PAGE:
This week at Retraction Watch featured seven retractions in a long-running case involving cancer research, as well as the retraction of a paper claiming a link between a vaccine and behavioral issues. Here’s what was happening elsewhere:
- A professor at Washington State University has been charged with $8 million in Federal research fraud, Katherine Long of The Seattle Times reports.
- “The Unbearable Asymmetry of Bullshit.” Bryan Earp writes: “While it is true that most scientists — at least the ones I know and work with — are hell-bent on getting things right, they are not therefore immune from human foibles.”
- Our Ivan Oransky is “waging war on bullshit science,” says David Freeman at Huffington Post.
- Henry Miller and Robert Wager are worried about “the increasing frequency of publication of the results of flawed ‘advocacy research’ that is designed to give a false result that supports a certain cause or position and can be cited by activists long after the findings have been discredited.”
- More fallout from the Macchiarini affair: Another senior official at the Karolinska Institutet has resigned, according to SVT Nyheter. (in Swedish)
- “The Stress Test:” The STAP stem cell scandal, told by Dana Goodyear of The New Yorker..
- Please cite women academics, says Meryl Alper.
- “What does a journal do?” asks Lenny Teytelman.
- How many replication studies are enough? asks Dalmeet Singh Chawla at Nature.
- Scientists are cynical, says a new survey. Can you blame them? Our new column for STAT.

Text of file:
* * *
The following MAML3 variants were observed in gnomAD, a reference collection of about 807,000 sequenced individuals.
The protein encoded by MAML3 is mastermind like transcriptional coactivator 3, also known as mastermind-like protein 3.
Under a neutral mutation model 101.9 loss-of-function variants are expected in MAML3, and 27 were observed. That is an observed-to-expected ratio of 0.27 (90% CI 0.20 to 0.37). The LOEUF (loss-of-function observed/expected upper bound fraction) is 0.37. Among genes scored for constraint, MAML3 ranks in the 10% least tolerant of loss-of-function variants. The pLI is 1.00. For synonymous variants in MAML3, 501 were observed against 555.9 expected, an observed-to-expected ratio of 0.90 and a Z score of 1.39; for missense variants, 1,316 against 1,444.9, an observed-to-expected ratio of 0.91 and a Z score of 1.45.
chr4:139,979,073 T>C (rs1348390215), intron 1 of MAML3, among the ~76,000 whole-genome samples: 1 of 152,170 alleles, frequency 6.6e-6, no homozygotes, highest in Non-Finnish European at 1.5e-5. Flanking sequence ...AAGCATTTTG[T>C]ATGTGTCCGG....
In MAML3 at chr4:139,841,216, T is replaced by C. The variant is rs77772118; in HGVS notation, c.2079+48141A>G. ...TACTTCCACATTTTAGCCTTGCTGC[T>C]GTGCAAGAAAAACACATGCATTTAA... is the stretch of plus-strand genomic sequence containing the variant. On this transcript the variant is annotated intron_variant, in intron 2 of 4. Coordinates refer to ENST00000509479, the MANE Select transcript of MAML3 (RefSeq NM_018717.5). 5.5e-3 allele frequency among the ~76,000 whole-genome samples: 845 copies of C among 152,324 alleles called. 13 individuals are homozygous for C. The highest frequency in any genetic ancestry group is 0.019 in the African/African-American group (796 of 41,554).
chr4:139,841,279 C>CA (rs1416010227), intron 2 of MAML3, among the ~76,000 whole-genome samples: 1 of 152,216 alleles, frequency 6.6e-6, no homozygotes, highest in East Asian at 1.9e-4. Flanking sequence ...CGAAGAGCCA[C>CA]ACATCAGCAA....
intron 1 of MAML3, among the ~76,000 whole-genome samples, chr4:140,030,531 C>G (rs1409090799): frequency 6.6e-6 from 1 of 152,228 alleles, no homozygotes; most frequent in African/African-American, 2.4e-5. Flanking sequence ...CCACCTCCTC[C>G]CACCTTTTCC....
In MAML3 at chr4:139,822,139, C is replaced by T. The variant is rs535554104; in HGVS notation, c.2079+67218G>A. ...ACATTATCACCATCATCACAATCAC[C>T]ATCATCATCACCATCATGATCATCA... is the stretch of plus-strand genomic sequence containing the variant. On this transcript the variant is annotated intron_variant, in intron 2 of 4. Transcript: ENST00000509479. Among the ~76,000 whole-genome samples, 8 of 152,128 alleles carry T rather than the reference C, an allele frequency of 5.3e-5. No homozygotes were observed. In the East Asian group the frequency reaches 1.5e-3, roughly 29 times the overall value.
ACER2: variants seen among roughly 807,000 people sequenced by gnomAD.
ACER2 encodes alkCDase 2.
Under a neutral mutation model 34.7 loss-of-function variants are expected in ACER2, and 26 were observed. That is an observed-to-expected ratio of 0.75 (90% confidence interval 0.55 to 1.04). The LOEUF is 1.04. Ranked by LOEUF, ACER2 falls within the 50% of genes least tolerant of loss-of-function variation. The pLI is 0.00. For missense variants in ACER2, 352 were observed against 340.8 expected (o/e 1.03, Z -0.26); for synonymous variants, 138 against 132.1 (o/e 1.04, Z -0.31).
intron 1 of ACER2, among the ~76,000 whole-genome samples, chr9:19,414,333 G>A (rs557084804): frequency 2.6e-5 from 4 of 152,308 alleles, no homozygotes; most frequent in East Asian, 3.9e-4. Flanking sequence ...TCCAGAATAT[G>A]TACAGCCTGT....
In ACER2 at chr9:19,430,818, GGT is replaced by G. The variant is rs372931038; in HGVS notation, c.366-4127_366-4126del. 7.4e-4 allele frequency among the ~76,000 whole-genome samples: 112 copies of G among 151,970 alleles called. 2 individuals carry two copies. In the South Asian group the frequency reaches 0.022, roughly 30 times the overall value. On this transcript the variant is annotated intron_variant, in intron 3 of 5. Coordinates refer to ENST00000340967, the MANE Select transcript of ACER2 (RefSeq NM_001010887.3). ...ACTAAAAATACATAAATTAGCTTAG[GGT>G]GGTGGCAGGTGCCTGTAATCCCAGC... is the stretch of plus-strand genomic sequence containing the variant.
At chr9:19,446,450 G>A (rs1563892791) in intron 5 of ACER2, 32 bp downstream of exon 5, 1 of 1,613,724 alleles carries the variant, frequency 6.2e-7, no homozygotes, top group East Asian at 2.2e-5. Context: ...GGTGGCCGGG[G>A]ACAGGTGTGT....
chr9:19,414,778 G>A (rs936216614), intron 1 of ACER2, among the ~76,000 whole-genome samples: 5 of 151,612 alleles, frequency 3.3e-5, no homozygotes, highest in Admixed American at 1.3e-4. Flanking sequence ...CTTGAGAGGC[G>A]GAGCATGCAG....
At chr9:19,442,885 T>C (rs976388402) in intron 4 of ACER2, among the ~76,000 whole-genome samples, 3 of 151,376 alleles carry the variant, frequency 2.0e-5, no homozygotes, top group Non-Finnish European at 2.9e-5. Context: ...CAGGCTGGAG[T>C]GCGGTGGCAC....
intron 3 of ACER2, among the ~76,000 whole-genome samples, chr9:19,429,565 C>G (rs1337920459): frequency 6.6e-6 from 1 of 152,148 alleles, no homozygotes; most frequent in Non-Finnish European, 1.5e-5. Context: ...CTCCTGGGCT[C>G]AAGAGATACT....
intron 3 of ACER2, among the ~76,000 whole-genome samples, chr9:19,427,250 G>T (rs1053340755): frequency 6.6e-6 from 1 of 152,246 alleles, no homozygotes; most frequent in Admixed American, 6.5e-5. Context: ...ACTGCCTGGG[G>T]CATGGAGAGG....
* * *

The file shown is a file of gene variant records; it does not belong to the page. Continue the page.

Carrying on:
- The debate over Sci-Hub, which provides access to millions of journal articles, has moved to the Scholarly Kitchen, as Angela Cochran explores it. Don’t miss the comments, where Sci-Hub founder Alexandra Elbakyan weighs in. And Kent Anderson says that the site is likely to help big publishers, not hurt them.
- “We conclude that it is not feasible to use the p-curve to estimate the extent of p-hacking…” A new study from Dorothy Bishop and Paul Thompson in PeerJ.
- Michael Eisen is excited about what happened at #ASAPbio, a meeting on preprints.
- A department head has been arrested for taking a bribe from a PhD scholar, The Times of India reports.
- A Finnish man is using predatory journals to publish “junk climate science,” says Jeffrey Beall.
- The Impact Factor denominator needs better definition, says Phil Davis. And a somewhat less serious take on IF measurements by C&EN Onion. Meanwhile, Lior Pachter is doing something interesting to compare various “glamour journals,” but you’ll have to read his post to find out what.
- Richard Poynder doesn’t want to be associated with Dove Press. Here’s why.
- Andrew Gelman weighs in on why it’s “unrealistic to expect scientific journals to retract their huge backlog of erroneous papers.”
- Stephen Davey is leaving Nature Chemistry for a new Nature Publishing Group project.
- The lead authors of a new paper used pseudonyms, and that created a headache, says John Bohannon at Science.
- “The young author realizes in shock that even the supposedly safe arena of academia is not exempt from fraud and is ashamed of being taken for a fool.” A look at predatory publishing from the European Journal of General Practice.
Retractions Outside of the Scientific Literature
- The Daily Pennsylvanian has retracted a post about a video of U.S. presidential candidate Marco Rubio that was cited by the communications director of another candidate’s campaign – who was asked to resign.
- The governor of Oregon asked a newspaper to retract an editorial. Have you heard of the First Amendment, Governor?
- A medical news website has rewritten a highly criticized story about stem cells, but maybe not enough, says Paul Knoepfler.
Like Retraction Watch? Consider making a tax-deductible contribution to support our growth. You can also follow us on Twitter, like us on Facebook, add us to your RSS reader, sign up on our homepage for an email every time there’s a new post, or subscribe to our new daily digest. Click here to review our Comments Policy.